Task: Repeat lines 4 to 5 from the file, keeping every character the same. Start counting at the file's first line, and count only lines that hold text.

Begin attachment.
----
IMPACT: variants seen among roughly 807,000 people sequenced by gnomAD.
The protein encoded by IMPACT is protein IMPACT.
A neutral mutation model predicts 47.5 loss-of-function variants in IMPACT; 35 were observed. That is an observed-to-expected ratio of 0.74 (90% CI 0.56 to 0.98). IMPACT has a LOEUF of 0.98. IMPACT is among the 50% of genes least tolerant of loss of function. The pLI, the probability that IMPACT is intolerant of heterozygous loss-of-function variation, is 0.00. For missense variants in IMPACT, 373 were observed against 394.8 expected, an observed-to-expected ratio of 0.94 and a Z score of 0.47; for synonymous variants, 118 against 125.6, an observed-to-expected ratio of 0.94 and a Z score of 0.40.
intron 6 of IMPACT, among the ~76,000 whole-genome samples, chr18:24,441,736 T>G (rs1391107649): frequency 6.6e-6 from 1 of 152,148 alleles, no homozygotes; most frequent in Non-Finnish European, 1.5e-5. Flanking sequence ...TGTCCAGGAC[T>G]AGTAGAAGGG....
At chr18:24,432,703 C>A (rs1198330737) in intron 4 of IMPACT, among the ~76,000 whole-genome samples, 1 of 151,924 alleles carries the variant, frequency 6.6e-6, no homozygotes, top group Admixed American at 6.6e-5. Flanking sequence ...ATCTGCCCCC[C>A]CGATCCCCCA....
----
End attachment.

intron 6 of IMPACT, among the ~76,000 whole-genome samples, chr18:24,441,736 T>G (rs1391107649): frequency 6.6e-6 from 1 of 152,148 alleles, no homozygotes; most frequent in Non-Finnish European, 1.5e-5. Flanking sequence ...TGTCCAGGAC[T>G]AGTAGAAGGG....
At chr18:24,432,703 C>A (rs1198330737) in intron 4 of IMPACT, among the ~76,000 whole-genome samples, 1 of 151,924 alleles carries the variant, frequency 6.6e-6, no homozygotes, top group Admixed American at 6.6e-5. Flanking sequence ...ATCTGCCCCC[C>A]CGATCCCCCA....